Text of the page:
The inclusion of water recycling equipment on washing plant installations has risen dramatically in recent times as operators realise that in addition to the altruistic benefit of protecting the world’s most precious natural resource there are significant efficiency gains to be enjoyed. The specification of equipment such as thickeners and filter presses (Fig. 1) has seemingly progressed from being seen as something that was done only at the behest of planning authorities. “As recently as three or four years ago a thickener or filter press was only specified on around 20 % of our washing plant installations” explains Peter Craven of CDE Global. “The last 12 months has seen this figure rise to around 80 %.” The key drivers behind the increased specification of this equipment differ from one installation to the next and include issues concerning the space available on site to accommodate large settling ponds, the availability of the volumes of water required to operate a new washing plant, reducing health and safety risks on site and the efficiency improvements offered through significantly reduced operational costs.
In the UK market the specification of water recycling equipment has been most prevalent on construction and demolition waste recycling operations due to the nature of the sites where these plants are located. While it is usually the case that traditional sand and gravel or hard rock quarries are located in rural settings on large sites, the opposite is the case for recycling plants. “The nature of the material being processed means these sites are located in urban areas,” explains Peter Craven. Outside the recycling sector the demand for equipment is coming from operators who are introducing a washing plant for the first time according to CDE. “Operators considering a washing plant on a site that has previously only operated a dry crushing and screening process are more focused on the volume of water required to run the plant than those already operating washing plants” says Peter Craven. “One of the first things they are concerned with is reducing this space requirement. The specification of a thickener and filter press is the obvious way to achieve this.”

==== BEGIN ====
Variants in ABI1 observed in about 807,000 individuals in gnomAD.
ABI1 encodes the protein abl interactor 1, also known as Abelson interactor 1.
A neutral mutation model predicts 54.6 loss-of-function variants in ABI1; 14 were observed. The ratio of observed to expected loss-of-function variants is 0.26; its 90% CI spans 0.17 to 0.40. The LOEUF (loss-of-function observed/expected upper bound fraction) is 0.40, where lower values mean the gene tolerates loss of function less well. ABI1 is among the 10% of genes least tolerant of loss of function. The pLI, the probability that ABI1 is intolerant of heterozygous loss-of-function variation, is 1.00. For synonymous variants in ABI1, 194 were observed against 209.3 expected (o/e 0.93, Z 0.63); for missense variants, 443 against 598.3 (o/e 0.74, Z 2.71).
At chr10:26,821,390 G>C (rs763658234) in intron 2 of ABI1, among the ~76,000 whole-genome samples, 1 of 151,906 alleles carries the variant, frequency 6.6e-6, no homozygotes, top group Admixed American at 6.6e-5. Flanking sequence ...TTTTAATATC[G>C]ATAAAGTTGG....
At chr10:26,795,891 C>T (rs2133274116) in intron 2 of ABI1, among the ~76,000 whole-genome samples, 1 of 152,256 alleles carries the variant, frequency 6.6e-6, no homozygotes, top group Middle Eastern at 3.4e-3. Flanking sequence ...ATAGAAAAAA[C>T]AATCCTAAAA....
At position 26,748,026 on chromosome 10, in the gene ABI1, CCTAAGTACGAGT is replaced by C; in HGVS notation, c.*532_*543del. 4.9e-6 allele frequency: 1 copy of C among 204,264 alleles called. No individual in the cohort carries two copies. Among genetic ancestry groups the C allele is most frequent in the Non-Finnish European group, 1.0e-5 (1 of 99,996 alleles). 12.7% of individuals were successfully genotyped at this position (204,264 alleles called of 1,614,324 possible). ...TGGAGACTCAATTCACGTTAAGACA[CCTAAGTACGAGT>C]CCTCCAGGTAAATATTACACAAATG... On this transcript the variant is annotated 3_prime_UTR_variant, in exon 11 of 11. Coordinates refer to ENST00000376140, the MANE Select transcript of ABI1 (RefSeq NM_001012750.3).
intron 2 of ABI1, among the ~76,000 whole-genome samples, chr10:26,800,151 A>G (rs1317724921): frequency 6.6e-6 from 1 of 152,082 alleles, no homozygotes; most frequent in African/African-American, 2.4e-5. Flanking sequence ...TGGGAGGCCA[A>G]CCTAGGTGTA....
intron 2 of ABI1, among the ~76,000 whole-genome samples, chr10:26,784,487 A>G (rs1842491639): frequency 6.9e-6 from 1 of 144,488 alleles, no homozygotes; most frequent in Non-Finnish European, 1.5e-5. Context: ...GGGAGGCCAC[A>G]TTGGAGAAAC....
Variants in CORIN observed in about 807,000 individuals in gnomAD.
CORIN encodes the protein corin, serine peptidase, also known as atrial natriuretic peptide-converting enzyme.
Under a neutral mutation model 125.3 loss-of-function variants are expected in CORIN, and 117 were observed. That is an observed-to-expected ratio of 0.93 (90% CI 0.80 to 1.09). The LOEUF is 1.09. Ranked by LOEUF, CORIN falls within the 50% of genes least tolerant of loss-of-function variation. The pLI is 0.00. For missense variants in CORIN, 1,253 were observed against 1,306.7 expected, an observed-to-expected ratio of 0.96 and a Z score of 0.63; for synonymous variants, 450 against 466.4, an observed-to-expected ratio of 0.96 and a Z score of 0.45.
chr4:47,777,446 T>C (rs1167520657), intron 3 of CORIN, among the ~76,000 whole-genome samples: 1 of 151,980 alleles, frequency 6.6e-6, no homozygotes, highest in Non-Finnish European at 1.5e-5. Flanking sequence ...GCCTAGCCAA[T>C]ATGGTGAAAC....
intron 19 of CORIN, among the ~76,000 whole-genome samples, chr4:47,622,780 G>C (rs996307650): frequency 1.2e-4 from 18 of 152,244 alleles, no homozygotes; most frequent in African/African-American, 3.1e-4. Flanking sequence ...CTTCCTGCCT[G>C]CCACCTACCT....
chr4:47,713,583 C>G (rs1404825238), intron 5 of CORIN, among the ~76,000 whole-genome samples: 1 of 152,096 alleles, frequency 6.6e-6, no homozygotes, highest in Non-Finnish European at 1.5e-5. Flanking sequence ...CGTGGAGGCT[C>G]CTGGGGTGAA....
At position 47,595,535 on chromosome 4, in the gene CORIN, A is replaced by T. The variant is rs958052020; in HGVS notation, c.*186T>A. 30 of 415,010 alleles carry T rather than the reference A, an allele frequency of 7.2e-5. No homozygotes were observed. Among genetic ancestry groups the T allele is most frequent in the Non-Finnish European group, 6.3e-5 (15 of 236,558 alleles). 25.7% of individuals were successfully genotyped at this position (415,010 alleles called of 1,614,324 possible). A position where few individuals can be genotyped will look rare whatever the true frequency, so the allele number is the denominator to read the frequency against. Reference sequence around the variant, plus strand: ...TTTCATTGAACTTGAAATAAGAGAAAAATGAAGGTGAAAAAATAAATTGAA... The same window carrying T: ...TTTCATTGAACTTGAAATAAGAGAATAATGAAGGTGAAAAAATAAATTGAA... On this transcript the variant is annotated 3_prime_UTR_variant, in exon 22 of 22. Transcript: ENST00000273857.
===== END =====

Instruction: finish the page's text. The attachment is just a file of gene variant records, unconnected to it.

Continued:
An equally pressing issue is gaining access to the volumes of fresh water required to run the washing plant should a thickener not be included. On a recently completed CDE project in Poland this was precisely the issue that the customer was faced with. “The customer had a requirement to increase sand production following the award of a new contract” says Peter Craven. “He chose the M2500 mobile washing plant to deliver this increased capacity but they simply did not have access to the volumes of water required to run the new plant.” The introduction of an AquaCycle thickener on this upgraded washing plant allowed the customer to recycle between 85 % and 90 % of the water used to feed the washing plant (Fig. 2).
CDE Global Ltd., Cookstown (IRL),
Tel.: +44 28 8676 7900, www.cdeglobal.com